I have one book that I would recommend for children and the young at heart. It’s Animalia by Australian artist Graeme Base:

        “Animalia came from a great love of animals and a desire to create a book with huge amounts of detail and things to discover. That was the sort of book I remember enjoying as a child. I wrote it in alliterative form because I thought it would be a lot of fun for people to read aloud. I put the little boy in every picture to make people look closely at the pictures rather than rush through from page to page. It’s really a picture of me when I was young! The word ‘Animalia’ is Latin for Animal Kingdom.

        My favourite page in Animalia is the Horrible Hairy Hogs but the Lazy Lions runs a close second. The picture which took the longest to paint was the Proud Peacocks–I worked on that one for three months. The Hogs took two months.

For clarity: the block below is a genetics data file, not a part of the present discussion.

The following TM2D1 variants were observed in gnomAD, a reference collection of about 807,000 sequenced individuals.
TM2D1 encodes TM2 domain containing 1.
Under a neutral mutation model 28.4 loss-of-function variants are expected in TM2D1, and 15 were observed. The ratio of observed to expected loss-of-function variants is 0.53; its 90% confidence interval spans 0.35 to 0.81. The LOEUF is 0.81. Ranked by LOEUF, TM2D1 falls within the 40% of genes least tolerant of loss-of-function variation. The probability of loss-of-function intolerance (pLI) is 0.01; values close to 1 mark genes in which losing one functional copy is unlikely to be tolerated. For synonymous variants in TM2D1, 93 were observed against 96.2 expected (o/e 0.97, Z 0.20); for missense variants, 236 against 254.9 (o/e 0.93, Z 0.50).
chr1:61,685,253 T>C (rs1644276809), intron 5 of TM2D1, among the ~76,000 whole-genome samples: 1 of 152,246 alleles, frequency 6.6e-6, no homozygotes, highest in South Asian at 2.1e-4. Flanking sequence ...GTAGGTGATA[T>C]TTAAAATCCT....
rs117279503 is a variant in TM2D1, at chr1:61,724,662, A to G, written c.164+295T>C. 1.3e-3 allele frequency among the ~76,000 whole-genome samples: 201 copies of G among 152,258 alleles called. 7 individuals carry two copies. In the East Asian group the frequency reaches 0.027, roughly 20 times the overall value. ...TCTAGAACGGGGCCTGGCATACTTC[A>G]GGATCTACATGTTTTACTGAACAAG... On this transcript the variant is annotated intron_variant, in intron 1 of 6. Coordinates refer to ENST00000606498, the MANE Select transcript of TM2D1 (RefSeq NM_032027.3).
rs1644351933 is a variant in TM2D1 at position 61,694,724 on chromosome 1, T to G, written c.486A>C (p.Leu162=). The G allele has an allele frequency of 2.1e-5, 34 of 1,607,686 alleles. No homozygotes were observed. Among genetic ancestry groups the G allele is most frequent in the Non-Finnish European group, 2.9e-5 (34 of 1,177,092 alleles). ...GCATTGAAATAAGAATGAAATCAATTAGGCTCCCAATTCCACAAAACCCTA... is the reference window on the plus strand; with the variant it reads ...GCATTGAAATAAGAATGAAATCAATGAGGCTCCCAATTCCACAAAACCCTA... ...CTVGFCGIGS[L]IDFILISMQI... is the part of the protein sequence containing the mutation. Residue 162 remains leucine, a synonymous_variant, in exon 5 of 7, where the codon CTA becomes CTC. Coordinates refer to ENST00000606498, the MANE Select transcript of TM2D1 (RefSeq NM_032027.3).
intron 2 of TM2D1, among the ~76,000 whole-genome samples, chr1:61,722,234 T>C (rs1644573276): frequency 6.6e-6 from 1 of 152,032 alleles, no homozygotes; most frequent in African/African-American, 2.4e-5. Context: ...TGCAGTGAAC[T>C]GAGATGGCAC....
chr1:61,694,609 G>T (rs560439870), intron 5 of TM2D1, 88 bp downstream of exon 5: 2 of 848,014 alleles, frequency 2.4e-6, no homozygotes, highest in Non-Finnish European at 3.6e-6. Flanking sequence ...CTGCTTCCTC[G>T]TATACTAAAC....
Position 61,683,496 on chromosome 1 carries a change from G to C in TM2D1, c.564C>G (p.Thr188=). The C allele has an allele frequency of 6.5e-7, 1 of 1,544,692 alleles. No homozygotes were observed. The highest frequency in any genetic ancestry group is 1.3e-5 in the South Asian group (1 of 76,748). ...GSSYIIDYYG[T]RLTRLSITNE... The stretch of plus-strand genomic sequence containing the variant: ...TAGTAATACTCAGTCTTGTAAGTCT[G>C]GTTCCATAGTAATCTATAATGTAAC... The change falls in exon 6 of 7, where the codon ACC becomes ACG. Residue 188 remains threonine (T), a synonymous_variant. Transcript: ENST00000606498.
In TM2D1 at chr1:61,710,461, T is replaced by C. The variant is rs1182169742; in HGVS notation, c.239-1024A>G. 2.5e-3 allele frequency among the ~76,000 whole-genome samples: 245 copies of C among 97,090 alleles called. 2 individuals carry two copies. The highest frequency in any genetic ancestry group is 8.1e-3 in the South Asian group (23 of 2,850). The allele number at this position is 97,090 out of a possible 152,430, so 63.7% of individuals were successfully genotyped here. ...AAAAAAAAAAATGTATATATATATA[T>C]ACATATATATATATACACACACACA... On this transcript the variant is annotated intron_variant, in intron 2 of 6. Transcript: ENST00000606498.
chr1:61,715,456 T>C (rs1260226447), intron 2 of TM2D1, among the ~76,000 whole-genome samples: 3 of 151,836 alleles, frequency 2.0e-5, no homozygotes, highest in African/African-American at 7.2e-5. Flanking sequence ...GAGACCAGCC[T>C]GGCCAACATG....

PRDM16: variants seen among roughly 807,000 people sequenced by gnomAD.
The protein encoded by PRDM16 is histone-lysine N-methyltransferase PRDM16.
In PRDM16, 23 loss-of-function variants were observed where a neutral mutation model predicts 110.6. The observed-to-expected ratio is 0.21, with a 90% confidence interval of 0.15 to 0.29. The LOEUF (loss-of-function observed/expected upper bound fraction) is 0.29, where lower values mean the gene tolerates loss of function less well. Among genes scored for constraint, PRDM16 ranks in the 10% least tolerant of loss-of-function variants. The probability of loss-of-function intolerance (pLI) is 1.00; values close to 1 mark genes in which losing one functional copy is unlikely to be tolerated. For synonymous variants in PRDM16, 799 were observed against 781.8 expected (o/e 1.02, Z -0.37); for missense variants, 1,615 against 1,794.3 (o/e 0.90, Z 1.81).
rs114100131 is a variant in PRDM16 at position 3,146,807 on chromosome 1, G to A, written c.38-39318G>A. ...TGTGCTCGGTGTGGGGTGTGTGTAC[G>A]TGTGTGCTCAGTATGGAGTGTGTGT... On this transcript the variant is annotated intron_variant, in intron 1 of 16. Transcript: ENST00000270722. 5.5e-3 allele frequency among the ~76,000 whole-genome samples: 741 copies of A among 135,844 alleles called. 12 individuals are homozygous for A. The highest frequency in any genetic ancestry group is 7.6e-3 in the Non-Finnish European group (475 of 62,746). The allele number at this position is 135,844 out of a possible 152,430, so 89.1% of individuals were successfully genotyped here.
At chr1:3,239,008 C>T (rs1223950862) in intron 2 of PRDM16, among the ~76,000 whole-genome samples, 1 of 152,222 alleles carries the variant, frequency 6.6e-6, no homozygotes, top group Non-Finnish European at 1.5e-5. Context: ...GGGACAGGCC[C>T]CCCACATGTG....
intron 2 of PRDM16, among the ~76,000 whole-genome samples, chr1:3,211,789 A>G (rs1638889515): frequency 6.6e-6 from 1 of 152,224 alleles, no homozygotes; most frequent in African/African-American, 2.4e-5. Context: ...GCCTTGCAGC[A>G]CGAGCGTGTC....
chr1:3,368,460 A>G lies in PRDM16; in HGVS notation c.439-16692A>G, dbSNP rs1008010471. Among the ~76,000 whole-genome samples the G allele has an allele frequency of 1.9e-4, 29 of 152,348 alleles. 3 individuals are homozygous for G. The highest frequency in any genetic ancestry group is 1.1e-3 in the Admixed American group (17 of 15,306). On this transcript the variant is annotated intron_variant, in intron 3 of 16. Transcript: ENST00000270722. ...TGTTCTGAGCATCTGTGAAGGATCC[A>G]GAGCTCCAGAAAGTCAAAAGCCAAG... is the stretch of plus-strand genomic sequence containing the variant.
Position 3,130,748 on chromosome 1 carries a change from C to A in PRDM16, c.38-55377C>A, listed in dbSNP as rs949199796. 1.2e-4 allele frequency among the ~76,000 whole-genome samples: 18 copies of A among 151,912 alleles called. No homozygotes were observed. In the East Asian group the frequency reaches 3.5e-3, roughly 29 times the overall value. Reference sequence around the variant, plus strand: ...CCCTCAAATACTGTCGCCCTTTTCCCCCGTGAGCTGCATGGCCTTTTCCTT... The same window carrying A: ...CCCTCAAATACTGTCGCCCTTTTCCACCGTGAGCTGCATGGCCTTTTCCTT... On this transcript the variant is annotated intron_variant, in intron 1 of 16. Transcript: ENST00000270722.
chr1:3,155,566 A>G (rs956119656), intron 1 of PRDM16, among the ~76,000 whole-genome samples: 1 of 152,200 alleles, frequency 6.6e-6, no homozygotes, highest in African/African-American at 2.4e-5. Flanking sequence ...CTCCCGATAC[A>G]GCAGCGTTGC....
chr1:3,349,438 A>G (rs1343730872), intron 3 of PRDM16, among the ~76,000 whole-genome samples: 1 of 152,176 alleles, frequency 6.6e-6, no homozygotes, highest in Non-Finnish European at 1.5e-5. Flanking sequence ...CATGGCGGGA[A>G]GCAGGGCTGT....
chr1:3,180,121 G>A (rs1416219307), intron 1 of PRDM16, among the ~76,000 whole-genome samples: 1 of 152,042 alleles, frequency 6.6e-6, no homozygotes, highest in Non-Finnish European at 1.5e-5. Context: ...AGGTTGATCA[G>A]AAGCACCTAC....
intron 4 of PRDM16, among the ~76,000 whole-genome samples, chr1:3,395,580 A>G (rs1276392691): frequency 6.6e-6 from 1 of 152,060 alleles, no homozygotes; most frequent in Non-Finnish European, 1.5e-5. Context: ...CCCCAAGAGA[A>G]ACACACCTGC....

I’m afraid I can’t supply you with a list of every object in the pages of –I found very early on in the life of this book that I could never hope to write a comprehensive list, as people constantly came up with new insights into the pictures. And besides, it defeats the purpose of the book to set up a finite ‘goal’–it would put an end to something which should be never- ending!”

        Alan surprised me with a copy a few birthdays back. It’s such a beautiful book. I’ve gone on to buy more of his picture books, not to mention all the copies I bought to give as gifts.

        I recommend you buy the hardback rather than the paperback: US$10.51

        Free shipping worldwide on all books from The Book Depository.


        Comment by Vicki — November 22, 2013 @ 11:01 pm | Reply

  2. Excellent list. Thanks for publishing it. I’m hearing good things about Doris Kearns Goodwin’s new book: The Bully Pulpit: Theodore Roosevelt, William Howard Taft, and the Golden Age of Journalism. It’s over 900 pages, so it could make you stack of to-be-read a bit top-heavy. But it should be worth it.
    Happy Thanksgiving!


    Comment by D'Ann Hamilton — November 21, 2013 @ 11:09 am | Reply